Russia’s state news agency announced a few minutes ago that Edward Snowden can now leave the Moscow international airport terminal where he has holed up to avoid extradition to the US.  The next question will be for how long:

Russian state news agency says US leaker Edward Snowden has been granted a document that allows him to leave the transit zone of a Moscow airport and enter Russia. …

RIA Novosti quoted an unnamed official on Wednesday saying that Snowden has been issued with documents, allowing him to leave the transit zone at the Moscow Sheremetyevo airport.

So far there isn’t much else on the story, including the circumstances of his entry paperwork.  Is this a full asylum, for which Snowden applied eight days ago?  Or is this a temporary status designed to give Snowden a safe passage to one of the three South American embassies that offered him political asylum?  Snowden didn’t express too much enthusiasm for staying in Russia after Vladimir Putin insisted that Snowden would have to stop the leaks from his NSA cache as a condition of their hospitality, but when it became clear that all his paths to avoid the US had to go through Russia first, Snowden’s enthusiasm seemed to perk up a bit.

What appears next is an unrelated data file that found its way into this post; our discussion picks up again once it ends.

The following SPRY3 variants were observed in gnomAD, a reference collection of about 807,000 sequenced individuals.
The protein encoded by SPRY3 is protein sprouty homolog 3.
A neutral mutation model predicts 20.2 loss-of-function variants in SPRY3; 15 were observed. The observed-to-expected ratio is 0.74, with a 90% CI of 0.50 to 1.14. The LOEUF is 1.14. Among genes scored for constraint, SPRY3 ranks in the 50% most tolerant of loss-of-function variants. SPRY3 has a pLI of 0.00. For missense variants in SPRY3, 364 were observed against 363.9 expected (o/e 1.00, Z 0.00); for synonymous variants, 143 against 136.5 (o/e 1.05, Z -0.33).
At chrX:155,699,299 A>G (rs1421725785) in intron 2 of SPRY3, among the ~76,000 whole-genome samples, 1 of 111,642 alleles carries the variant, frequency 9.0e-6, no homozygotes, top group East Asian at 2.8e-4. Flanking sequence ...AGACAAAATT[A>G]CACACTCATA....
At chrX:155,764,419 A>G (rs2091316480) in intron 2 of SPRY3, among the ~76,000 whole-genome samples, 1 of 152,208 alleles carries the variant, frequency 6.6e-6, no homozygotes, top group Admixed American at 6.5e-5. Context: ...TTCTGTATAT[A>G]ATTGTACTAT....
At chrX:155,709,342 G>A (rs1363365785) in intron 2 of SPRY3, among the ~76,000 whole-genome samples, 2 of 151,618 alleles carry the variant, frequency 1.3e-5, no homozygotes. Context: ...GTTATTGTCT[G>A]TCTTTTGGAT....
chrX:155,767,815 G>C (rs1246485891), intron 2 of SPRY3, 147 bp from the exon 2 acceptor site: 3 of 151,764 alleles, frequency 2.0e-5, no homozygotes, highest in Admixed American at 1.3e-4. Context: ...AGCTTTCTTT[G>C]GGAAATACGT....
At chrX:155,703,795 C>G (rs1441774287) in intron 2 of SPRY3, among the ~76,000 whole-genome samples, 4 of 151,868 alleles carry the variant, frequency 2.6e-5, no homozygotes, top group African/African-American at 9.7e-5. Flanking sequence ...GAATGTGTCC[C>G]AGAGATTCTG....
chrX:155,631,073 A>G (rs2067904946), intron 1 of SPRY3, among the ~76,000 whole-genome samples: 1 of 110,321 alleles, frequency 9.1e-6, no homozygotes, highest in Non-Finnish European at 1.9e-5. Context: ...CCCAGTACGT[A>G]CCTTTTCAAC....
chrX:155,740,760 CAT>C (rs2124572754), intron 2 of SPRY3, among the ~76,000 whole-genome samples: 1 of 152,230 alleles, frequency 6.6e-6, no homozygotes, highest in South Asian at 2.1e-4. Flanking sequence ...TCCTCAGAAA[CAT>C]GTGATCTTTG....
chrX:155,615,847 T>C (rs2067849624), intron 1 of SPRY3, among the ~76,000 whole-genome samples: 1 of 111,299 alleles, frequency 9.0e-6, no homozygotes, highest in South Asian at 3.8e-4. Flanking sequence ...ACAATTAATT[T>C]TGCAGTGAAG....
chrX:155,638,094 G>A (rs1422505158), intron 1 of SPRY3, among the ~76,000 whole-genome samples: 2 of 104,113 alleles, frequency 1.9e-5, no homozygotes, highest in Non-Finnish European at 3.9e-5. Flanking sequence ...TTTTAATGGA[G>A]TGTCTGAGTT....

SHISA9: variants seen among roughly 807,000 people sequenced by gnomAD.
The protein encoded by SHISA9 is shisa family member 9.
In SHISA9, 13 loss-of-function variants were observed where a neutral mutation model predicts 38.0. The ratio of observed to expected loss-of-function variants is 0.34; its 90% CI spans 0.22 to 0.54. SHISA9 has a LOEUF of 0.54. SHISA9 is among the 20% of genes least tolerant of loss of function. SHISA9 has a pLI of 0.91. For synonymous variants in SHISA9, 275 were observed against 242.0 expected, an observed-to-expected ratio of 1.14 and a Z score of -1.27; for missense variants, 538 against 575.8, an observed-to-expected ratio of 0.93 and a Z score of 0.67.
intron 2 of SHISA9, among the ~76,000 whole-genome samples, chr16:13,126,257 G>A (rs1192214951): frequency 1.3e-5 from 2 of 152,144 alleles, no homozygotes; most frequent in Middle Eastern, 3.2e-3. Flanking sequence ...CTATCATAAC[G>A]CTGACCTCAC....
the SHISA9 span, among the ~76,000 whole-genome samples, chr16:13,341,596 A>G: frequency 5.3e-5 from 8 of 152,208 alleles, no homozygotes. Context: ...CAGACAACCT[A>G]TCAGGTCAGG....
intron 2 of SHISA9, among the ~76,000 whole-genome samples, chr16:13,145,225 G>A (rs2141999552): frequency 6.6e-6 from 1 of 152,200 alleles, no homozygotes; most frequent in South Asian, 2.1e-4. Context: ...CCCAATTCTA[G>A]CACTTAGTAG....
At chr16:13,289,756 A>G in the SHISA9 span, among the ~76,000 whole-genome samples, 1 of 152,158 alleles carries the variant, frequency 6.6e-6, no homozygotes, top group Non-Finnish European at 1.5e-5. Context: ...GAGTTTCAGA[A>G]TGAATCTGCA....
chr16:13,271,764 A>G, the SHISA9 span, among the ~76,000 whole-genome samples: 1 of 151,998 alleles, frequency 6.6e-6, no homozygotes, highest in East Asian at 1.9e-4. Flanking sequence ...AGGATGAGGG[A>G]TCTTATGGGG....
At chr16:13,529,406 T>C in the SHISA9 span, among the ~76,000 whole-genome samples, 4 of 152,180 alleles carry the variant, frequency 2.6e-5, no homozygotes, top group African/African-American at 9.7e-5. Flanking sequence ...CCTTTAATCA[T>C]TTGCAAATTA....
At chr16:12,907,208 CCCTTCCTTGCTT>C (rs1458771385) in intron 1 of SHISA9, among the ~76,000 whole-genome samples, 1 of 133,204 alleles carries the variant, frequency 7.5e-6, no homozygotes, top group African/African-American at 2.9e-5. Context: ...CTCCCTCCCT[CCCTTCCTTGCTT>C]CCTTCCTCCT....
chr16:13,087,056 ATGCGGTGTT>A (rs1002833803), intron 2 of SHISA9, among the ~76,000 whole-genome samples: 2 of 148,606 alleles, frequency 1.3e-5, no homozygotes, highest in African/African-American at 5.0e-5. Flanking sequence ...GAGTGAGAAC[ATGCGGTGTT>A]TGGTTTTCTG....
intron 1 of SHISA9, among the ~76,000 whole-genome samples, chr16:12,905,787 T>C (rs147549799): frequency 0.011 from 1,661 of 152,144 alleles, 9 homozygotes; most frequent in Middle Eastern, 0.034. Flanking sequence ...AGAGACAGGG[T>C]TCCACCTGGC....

Another question will be how the Obama administration will react to this news.  The White House has made it very clear that it expected Russia to cooperate with the US after Snowden’s passport was canceled.  They hinted last week that Obama might suddenly become too busy to go to Moscow if Snowden was walking free in the city at the same time, and now they’re pretty much stuck with that response.  We’re not going to boycott next year’s Olympics and repeat the juvenile and impotent act of Jimmy Carter in 1980, not over Edward Snowden, but don’t be surprised if the US doesn’t find a way to stick it back to Putin by getting a lot more publicly interested in Russia’s handling of political dissent over the next few weeks.

Meanwhile, I’d expect Snowden to leave before Obama gets to St. Petersburg. He won’t take longer than a week to get to the Venezuelan or Ecuadorian embassy to arrange for a more permanent residence.